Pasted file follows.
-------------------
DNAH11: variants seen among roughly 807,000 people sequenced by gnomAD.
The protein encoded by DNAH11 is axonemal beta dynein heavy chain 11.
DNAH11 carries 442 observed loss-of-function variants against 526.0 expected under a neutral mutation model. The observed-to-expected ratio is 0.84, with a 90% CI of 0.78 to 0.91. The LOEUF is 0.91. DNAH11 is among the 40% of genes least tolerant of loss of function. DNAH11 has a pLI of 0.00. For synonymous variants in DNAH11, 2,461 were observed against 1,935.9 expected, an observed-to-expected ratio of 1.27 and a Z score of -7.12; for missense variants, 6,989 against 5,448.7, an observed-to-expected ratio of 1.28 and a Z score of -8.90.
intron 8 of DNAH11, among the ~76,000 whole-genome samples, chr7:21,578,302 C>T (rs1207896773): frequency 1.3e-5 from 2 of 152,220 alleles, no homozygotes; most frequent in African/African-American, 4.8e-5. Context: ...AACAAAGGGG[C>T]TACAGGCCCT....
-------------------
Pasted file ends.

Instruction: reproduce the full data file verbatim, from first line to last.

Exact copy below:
DNAH11: variants seen among roughly 807,000 people sequenced by gnomAD.
The protein encoded by DNAH11 is axonemal beta dynein heavy chain 11.
DNAH11 carries 442 observed loss-of-function variants against 526.0 expected under a neutral mutation model. The observed-to-expected ratio is 0.84, with a 90% CI of 0.78 to 0.91. The LOEUF is 0.91. DNAH11 is among the 40% of genes least tolerant of loss of function. DNAH11 has a pLI of 0.00. For synonymous variants in DNAH11, 2,461 were observed against 1,935.9 expected, an observed-to-expected ratio of 1.27 and a Z score of -7.12; for missense variants, 6,989 against 5,448.7, an observed-to-expected ratio of 1.28 and a Z score of -8.90.
intron 8 of DNAH11, among the ~76,000 whole-genome samples, chr7:21,578,302 C>T (rs1207896773): frequency 1.3e-5 from 2 of 152,220 alleles, no homozygotes; most frequent in African/African-American, 4.8e-5. Context: ...AACAAAGGGG[C>T]TACAGGCCCT....